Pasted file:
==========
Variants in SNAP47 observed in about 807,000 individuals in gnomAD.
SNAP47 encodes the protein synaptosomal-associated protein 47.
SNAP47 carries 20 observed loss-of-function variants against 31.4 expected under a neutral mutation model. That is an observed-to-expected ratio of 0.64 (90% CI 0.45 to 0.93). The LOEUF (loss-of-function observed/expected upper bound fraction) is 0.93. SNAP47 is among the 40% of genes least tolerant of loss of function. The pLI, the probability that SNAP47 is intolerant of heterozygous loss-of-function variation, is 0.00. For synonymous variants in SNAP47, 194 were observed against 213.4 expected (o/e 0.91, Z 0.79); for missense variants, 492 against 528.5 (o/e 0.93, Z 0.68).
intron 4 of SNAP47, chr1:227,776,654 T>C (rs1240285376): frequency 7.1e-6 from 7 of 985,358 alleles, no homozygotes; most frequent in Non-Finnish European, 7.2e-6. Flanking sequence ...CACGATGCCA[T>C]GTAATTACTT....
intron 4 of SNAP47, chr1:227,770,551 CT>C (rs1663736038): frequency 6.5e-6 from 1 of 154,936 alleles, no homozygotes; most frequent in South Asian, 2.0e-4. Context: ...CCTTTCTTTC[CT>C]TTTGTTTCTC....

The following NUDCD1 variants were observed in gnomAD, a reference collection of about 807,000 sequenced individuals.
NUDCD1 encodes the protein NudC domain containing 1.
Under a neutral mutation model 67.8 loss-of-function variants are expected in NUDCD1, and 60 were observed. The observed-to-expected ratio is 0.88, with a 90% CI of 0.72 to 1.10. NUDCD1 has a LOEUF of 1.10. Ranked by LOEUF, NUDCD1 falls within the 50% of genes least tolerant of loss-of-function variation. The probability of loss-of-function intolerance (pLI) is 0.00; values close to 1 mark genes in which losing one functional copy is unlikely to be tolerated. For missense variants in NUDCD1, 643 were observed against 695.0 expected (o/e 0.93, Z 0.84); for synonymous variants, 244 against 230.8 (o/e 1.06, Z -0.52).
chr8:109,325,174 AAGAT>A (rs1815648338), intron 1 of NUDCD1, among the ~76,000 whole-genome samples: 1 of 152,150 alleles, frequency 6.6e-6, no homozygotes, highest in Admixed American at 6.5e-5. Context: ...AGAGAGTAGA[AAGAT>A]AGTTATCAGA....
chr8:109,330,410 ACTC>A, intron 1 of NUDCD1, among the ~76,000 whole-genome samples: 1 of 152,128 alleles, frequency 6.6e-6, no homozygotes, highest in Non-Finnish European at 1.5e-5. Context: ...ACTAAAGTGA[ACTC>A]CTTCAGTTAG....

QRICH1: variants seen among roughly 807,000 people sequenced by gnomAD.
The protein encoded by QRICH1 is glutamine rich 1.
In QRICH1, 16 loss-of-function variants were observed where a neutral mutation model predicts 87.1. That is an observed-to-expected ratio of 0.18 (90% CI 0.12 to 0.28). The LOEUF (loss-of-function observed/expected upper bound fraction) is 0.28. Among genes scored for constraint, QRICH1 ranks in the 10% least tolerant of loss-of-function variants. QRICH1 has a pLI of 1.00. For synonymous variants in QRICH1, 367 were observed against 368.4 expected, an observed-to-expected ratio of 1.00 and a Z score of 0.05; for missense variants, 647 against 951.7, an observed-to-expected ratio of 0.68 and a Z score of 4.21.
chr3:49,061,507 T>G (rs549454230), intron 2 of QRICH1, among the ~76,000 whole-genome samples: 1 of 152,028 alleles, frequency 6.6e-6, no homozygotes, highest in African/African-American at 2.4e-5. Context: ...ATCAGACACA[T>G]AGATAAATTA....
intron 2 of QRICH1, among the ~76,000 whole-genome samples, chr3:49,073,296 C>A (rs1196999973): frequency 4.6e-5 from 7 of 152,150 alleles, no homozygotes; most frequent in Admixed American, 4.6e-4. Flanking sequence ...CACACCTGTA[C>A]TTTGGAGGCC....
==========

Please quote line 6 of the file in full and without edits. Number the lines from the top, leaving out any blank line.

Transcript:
The following NUDCD1 variants were observed in gnomAD, a reference collection of about 807,000 sequenced individuals.